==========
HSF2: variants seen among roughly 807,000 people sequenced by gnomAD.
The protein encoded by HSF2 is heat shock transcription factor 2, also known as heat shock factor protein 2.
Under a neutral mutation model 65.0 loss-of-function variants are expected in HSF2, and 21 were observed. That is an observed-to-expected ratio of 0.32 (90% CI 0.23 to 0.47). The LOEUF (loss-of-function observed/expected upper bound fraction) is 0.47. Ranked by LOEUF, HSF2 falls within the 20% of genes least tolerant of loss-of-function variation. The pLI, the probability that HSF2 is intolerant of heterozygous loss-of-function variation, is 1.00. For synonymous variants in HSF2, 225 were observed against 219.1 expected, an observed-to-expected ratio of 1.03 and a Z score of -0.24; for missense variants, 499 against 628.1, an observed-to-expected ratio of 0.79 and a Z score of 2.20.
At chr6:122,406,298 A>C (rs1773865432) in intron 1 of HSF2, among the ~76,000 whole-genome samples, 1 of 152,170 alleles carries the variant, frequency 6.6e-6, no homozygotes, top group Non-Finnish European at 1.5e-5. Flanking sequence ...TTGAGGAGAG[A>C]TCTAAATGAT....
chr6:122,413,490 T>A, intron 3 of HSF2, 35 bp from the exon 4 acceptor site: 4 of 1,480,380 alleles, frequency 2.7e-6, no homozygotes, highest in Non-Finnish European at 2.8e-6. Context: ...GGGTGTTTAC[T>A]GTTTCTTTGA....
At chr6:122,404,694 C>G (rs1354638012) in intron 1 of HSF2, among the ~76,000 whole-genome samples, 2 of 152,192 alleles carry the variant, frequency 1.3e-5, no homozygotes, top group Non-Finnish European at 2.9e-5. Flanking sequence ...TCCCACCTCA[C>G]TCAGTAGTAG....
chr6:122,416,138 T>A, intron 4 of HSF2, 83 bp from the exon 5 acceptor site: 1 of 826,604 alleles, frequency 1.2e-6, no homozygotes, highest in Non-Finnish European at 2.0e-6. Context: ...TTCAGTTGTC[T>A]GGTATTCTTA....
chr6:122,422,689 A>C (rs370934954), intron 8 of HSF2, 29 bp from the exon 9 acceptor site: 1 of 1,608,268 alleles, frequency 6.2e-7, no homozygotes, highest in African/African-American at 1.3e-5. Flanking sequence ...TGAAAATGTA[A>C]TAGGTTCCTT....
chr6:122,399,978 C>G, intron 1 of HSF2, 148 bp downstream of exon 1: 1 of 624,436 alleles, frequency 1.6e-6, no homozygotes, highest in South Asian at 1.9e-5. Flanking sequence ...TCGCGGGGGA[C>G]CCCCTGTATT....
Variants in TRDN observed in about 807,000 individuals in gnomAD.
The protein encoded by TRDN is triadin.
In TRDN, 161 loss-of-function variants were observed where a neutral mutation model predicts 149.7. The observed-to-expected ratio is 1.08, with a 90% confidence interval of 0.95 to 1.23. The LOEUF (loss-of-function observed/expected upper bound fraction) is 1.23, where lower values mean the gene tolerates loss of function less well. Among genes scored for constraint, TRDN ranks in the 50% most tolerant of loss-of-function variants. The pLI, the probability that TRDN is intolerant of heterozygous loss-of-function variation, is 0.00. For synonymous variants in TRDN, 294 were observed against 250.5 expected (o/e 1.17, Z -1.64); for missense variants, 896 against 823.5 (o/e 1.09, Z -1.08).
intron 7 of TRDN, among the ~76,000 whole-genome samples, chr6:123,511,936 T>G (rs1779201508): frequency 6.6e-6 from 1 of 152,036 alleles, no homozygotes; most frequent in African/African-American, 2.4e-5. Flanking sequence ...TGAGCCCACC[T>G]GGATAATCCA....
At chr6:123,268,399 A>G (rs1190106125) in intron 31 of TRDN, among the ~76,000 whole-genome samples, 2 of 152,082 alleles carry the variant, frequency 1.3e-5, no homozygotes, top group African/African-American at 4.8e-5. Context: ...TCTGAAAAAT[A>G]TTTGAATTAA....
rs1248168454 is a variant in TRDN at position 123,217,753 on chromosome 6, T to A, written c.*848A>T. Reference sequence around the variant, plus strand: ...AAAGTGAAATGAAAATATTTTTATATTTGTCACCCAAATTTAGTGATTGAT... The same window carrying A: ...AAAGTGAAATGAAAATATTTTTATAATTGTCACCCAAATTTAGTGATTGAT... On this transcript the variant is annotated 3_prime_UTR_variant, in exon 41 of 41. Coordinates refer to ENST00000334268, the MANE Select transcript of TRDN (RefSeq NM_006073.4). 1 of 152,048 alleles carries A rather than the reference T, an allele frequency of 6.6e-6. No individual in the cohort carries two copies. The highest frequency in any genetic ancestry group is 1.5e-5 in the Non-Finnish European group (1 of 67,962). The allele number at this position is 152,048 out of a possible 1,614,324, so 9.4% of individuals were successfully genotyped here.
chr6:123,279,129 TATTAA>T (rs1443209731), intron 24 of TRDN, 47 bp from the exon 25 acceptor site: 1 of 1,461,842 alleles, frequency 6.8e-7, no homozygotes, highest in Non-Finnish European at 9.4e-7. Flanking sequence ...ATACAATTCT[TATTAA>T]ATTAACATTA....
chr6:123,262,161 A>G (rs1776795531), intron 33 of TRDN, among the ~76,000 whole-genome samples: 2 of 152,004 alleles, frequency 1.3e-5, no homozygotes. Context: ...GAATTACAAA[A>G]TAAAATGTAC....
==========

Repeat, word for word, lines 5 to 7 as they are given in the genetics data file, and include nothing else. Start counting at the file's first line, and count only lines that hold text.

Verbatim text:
chr6:122,413,490 T>A, intron 3 of HSF2, 35 bp from the exon 4 acceptor site: 4 of 1,480,380 alleles, frequency 2.7e-6, no homozygotes, highest in Non-Finnish European at 2.8e-6. Context: ...GGGTGTTTAC[T>A]GTTTCTTTGA....
At chr6:122,404,694 C>G (rs1354638012) in intron 1 of HSF2, among the ~76,000 whole-genome samples, 2 of 152,192 alleles carry the variant, frequency 1.3e-5, no homozygotes, top group Non-Finnish European at 2.9e-5. Flanking sequence ...TCCCACCTCA[C>G]TCAGTAGTAG....
chr6:122,416,138 T>A, intron 4 of HSF2, 83 bp from the exon 5 acceptor site: 1 of 826,604 alleles, frequency 1.2e-6, no homozygotes, highest in Non-Finnish European at 2.0e-6. Context: ...TTCAGTTGTC[T>A]GGTATTCTTA....